The Unexpected Connection Between Procrastinating And Being A Productive Person
Time management, self-discipline and diligence: These are the virtues to aspire to when it comes to all things work. As for procrastination? Well, that is undoubtedly bad. There's certainly no debate to be had over that.
Or so you might think.
Dishman, a reporter who has contributed to the likes of CBS MoneyWatch and the New York Times, was prompted into starting a one-week procrastination experiment after a FastCompany colleague wrote about the same subject just a few weeks ago.
As part of her "6 Reasons To Embrace Procrastination" piece, Stephanie Vozza offers, "Structured procrastinators get more done."
As Dishman put Vozza's thesis to the test last week, she arrived at her own conclusion.
"After 40 hours of a regular work week I made two startling discoveries:
1. I actually get more work done after I stall.
2. Putting things off is harder than I thought."
Though they go against conventional wisdom, and pretty much everything we're taught, Dishman's findings are not all that foreign.
As she notes, there have been a number of people who have come out of the school of contrarianism to try and reverse the bad reputation that procrastination has had for so long. Procrastinating isn't the type of end-all-be-all type of catastrophe for your work that it seems.
The key, as is the case with most things, is doing it smarter. Dishman discovered this to be the case with most of her routines during the day.
The first habit she experimented with was her emailing, as she tried an alternative to the pick-up-the-phone-first-thing-in-the-morning policy she usually employed.
Though the advancement of smartphones has made email practically ubiquitous -- which essentially makes you available to be reached at any time of the day and give people good reason to expect an answer now, now, NOW -- and often requires us to stop what we're doing in order to send a reply, Dishman found joy in the wait.
Taking care of herself first, with a peace of mind and the task of responding to a long list of inquiries not a priority, led to an apparent breakthrough.
Dishman went into her designated time to take care of messages in a less frantic manner and, presumably, less begrudgingly.
The idea of not entertaining any task until the mind is at ease is an interesting one, indeed, but it doesn't concern the most chronic form of procrastination.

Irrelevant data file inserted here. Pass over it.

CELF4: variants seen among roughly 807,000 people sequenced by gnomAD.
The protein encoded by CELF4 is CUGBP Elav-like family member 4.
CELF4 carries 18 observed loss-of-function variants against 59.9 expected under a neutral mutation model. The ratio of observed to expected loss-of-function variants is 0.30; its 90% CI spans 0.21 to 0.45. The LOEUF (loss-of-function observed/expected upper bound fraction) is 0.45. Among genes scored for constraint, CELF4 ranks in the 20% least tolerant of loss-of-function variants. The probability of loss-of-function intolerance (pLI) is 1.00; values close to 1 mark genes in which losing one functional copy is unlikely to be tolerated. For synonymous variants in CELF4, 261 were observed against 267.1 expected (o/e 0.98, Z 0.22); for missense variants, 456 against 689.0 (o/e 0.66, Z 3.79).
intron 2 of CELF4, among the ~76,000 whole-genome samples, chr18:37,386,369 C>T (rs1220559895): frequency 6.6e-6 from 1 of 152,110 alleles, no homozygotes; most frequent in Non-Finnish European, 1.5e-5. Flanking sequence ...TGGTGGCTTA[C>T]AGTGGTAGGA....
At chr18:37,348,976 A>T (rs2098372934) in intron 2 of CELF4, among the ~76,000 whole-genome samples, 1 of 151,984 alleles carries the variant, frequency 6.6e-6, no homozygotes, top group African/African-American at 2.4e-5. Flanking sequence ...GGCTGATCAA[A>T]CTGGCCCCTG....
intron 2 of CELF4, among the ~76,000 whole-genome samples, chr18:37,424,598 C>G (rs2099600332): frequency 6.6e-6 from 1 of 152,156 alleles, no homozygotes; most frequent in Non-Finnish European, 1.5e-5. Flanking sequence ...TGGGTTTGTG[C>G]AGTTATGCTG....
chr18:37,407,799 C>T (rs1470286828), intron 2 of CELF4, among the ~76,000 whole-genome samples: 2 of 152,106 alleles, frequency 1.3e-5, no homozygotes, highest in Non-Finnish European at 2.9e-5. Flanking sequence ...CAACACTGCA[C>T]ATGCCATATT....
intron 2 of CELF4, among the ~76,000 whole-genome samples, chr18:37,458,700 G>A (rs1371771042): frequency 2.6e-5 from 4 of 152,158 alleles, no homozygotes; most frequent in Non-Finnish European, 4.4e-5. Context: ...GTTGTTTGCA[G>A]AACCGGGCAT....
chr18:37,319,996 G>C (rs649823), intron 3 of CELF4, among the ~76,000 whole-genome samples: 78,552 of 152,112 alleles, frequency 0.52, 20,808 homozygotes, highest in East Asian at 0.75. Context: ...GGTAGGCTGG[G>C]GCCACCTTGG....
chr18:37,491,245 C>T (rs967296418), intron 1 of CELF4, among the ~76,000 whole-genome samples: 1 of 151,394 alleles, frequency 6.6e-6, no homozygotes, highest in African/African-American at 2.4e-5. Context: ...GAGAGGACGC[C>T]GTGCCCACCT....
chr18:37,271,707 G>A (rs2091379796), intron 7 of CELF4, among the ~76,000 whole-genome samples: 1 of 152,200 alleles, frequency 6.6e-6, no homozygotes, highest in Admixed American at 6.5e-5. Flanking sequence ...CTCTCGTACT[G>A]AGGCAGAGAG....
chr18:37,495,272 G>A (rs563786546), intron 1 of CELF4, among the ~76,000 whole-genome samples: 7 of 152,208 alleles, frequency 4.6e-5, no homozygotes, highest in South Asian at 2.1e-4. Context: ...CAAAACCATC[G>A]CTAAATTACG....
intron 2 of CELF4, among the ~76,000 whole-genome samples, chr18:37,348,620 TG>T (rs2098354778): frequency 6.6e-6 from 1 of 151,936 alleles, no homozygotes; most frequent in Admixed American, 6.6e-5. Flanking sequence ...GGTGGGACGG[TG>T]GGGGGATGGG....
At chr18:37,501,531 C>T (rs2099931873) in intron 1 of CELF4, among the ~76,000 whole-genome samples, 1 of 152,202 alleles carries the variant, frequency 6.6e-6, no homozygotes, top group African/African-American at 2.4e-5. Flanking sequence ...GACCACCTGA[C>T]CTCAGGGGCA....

When it comes to procrastinating, the most common issue is likely to be the phenomenon of your mind wandering off into la-la land unexpectedly. Even this, however, can prove helpful.
Overall, a common theme emerged from the writer's experiment: Each time she returned to productivity from an unashamed period of procrastination, Dishman found herself refreshed, inspired and ready, sometimes with new insight gained through deep thought.
Some might argue, though, that the problem isn't procrastination, per se; it's not having the freedom to procrastinate "effectively."
After all, Dishman had the luxury of openly embracing procrastination (during what she regarded as an "average" work week) as part of an exercise that was technically done for the purpose of an article, and thus, for work.
That embrace might be harder to accomplish with bosses barking for results every hour or a professor's hard deadline looming -- factors that can lead to a lot of pressure.
Most pressure, though, always seems to be self-imposed. That's a personal opinion, albeit things simply never turn out to be as bad as they can seem during our most stressful times.
Furthermore, working in response, this type of stress usually involves trying to engage in hectic, hastened, head-banging-against-the-wall type of work, which seldom ends up resulting in the best product, anyway.
Yes, that's also a personal opinion, but this isn't: For those who are able to shake off the pressure, embrace a sense of ease and learn to procrastinate effectively, a boom in creativity, amongst other benefits, is likely to be experienced.
This writer is willing to bet the same.
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